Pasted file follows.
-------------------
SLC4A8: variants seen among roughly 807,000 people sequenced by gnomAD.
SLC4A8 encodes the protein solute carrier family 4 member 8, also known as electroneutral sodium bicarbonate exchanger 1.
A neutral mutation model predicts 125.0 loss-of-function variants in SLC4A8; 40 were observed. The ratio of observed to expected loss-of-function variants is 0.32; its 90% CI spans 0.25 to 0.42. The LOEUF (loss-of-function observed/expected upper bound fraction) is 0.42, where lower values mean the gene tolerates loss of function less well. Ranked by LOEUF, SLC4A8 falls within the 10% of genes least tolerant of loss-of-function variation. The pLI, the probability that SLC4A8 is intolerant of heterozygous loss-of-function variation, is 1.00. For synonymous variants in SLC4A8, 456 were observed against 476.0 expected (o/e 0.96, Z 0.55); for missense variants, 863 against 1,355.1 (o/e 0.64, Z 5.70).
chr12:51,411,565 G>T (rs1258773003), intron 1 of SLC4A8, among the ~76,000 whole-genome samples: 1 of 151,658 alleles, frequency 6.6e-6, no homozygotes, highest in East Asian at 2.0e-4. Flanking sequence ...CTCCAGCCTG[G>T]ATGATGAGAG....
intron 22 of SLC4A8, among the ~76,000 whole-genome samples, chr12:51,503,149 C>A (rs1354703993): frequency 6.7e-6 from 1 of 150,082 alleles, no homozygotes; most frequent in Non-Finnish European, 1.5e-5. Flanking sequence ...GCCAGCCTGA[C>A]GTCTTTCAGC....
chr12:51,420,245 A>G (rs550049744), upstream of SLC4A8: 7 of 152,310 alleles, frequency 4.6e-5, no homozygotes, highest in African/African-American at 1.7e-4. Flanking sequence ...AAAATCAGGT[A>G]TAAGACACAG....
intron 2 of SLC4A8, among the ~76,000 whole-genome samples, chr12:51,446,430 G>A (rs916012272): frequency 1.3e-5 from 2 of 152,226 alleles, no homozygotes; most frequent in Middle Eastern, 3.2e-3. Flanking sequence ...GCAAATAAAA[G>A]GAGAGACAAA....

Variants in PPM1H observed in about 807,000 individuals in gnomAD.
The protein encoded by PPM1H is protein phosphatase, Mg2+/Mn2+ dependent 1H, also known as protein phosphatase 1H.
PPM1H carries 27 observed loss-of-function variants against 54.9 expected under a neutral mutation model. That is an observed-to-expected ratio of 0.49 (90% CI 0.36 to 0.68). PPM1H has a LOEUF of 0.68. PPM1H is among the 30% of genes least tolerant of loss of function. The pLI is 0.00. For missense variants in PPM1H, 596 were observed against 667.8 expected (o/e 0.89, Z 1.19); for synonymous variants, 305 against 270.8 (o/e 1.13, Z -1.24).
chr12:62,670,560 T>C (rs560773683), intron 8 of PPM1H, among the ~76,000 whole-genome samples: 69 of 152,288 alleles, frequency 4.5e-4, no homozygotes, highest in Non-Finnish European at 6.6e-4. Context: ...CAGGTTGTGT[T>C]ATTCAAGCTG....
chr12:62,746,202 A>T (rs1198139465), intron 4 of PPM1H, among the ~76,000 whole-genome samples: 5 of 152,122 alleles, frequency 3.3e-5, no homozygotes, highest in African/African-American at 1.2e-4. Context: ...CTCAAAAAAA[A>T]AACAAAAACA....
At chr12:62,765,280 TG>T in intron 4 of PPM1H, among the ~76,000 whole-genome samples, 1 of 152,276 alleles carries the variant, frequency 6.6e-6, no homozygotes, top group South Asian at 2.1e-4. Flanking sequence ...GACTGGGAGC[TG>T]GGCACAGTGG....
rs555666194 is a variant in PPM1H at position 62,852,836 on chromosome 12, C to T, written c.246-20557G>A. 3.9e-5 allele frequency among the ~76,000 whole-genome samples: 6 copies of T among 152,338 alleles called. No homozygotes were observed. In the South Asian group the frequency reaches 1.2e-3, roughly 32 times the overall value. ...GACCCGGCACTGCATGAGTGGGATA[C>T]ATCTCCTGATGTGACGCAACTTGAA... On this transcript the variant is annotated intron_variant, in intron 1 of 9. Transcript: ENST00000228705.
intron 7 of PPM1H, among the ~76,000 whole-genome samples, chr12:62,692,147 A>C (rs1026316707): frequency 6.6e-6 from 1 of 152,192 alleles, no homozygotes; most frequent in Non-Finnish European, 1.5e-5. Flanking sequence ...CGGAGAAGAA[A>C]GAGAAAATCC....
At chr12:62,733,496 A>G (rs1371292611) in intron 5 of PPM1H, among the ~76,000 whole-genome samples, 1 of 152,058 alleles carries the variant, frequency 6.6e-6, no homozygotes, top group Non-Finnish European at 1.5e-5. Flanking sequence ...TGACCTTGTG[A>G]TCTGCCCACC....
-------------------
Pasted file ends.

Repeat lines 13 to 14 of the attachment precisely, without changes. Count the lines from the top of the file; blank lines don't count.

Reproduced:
At chr12:62,765,280 TG>T in intron 4 of PPM1H, among the ~76,000 whole-genome samples, 1 of 152,276 alleles carries the variant, frequency 6.6e-6, no homozygotes, top group South Asian at 2.1e-4. Flanking sequence ...GACTGGGAGC[TG>T]GGCACAGTGG....
rs555666194 is a variant in PPM1H at position 62,852,836 on chromosome 12, C to T, written c.246-20557G>A. 3.9e-5 allele frequency among the ~76,000 whole-genome samples: 6 copies of T among 152,338 alleles called. No homozygotes were observed. In the South Asian group the frequency reaches 1.2e-3, roughly 32 times the overall value. ...GACCCGGCACTGCATGAGTGGGATA[C>T]ATCTCCTGATGTGACGCAACTTGAA... On this transcript the variant is annotated intron_variant, in intron 1 of 9. Transcript: ENST00000228705.